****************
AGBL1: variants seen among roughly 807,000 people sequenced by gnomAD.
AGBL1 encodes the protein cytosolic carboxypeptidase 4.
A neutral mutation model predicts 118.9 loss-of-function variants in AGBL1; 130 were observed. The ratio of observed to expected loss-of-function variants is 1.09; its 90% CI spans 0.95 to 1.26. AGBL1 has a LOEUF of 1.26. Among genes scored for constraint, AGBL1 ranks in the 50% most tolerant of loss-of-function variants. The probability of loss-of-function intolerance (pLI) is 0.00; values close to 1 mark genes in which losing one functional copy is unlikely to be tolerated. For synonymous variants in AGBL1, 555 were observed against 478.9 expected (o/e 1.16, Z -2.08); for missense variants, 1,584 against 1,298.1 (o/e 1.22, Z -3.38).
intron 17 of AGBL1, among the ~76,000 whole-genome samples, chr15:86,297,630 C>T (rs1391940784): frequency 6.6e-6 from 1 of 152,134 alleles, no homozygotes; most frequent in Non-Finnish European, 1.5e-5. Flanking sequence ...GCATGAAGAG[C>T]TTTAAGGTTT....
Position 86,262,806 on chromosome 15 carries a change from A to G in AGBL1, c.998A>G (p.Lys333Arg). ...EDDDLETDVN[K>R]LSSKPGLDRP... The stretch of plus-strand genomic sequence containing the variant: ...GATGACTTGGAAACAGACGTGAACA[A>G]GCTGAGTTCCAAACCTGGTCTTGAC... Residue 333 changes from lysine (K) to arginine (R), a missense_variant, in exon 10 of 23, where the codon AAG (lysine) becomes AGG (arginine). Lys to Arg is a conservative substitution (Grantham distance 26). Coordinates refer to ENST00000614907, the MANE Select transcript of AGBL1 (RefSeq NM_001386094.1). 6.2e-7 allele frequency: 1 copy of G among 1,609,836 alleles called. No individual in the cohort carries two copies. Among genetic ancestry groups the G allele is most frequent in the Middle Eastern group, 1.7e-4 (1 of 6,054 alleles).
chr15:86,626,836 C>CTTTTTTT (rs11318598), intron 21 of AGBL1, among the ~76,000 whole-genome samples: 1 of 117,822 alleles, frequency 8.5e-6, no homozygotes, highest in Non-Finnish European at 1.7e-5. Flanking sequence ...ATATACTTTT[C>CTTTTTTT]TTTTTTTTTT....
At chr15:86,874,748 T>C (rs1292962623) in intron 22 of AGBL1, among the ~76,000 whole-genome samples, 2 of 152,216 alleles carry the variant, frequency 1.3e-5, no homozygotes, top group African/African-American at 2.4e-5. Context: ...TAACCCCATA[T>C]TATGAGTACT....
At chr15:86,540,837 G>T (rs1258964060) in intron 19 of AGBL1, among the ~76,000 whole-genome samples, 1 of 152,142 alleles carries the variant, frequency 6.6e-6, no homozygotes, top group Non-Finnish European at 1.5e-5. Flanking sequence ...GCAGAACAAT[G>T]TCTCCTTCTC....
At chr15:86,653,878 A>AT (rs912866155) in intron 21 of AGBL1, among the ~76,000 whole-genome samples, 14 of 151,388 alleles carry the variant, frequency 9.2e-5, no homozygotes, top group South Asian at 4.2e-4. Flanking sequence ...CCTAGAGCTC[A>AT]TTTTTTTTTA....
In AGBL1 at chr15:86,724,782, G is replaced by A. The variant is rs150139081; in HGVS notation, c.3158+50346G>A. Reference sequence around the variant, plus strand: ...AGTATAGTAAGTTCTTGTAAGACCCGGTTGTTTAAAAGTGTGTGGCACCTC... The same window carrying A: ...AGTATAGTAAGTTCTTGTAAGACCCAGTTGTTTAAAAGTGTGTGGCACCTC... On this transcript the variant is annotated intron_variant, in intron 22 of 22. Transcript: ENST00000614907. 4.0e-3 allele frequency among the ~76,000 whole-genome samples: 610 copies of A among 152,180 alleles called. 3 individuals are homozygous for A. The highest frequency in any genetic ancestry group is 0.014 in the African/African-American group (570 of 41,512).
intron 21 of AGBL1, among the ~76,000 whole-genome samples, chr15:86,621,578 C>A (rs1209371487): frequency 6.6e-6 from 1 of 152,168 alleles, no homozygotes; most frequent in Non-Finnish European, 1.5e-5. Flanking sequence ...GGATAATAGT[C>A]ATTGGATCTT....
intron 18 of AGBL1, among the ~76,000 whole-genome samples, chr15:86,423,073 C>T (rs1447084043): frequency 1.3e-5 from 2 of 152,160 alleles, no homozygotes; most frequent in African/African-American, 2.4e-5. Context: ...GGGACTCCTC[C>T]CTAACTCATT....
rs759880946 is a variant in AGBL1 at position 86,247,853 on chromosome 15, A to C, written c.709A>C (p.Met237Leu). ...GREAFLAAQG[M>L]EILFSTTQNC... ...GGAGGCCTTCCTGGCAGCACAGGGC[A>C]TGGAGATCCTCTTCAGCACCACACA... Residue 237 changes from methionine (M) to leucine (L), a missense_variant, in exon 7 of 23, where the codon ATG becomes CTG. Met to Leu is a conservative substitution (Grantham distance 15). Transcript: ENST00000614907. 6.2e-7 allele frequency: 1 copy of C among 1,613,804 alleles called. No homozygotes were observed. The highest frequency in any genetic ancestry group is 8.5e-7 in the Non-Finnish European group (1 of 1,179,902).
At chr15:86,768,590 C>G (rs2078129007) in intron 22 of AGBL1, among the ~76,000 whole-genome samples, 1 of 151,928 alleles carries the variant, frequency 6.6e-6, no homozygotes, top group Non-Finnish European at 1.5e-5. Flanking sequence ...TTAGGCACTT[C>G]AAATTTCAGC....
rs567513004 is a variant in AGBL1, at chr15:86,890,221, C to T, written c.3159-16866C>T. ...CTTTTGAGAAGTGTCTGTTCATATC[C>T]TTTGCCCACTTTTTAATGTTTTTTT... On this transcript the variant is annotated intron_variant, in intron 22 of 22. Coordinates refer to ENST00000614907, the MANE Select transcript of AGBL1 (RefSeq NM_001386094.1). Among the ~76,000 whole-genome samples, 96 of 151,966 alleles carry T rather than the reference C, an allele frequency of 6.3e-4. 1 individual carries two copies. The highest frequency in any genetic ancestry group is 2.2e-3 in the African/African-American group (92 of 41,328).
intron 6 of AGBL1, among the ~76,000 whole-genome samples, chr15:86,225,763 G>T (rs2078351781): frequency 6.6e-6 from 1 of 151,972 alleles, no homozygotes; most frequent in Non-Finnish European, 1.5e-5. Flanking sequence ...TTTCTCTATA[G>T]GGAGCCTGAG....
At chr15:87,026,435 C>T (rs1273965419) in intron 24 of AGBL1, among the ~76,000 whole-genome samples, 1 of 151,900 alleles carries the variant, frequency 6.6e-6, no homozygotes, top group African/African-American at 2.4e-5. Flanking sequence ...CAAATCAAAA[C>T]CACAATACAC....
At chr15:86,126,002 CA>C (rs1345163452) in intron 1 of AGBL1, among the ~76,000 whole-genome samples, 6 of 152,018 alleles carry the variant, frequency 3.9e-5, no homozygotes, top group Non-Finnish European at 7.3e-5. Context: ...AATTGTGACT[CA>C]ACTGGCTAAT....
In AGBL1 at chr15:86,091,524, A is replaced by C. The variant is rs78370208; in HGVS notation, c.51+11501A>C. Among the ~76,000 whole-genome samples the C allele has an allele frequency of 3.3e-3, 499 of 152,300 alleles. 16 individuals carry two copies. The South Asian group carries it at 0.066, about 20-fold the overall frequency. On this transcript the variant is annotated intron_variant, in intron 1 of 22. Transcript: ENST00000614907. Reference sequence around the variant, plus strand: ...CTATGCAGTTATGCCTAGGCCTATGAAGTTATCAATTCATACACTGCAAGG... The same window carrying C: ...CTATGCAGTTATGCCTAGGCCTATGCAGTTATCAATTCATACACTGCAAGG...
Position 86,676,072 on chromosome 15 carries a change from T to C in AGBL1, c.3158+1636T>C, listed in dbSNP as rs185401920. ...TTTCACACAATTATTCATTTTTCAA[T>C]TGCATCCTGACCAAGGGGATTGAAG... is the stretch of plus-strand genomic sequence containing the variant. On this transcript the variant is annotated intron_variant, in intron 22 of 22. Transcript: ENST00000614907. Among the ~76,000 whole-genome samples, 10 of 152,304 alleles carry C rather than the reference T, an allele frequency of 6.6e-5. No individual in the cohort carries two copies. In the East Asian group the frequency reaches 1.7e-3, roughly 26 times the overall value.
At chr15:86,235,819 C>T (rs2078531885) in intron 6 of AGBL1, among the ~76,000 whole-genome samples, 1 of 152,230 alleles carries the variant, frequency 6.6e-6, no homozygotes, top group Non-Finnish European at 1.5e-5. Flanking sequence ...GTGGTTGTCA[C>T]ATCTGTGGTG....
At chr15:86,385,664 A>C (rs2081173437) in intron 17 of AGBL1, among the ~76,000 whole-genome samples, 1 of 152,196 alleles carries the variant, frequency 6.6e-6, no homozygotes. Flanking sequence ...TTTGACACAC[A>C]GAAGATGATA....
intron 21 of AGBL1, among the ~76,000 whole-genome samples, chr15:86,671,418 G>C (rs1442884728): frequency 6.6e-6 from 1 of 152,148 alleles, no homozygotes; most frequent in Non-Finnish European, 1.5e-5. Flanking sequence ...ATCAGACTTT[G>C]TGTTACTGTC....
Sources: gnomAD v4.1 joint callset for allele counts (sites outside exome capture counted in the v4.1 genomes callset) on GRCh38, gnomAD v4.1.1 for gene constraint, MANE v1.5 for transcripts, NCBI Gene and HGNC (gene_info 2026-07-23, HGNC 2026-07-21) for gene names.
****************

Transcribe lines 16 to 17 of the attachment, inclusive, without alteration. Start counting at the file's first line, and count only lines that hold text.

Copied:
intron 6 of AGBL1, among the ~76,000 whole-genome samples, chr15:86,225,763 G>T (rs2078351781): frequency 6.6e-6 from 1 of 151,972 alleles, no homozygotes; most frequent in Non-Finnish European, 1.5e-5. Flanking sequence ...TTTCTCTATA[G>T]GGAGCCTGAG....
At chr15:87,026,435 C>T (rs1273965419) in intron 24 of AGBL1, among the ~76,000 whole-genome samples, 1 of 151,900 alleles carries the variant, frequency 6.6e-6, no homozygotes, top group African/African-American at 2.4e-5. Flanking sequence ...CAAATCAAAA[C>T]CACAATACAC....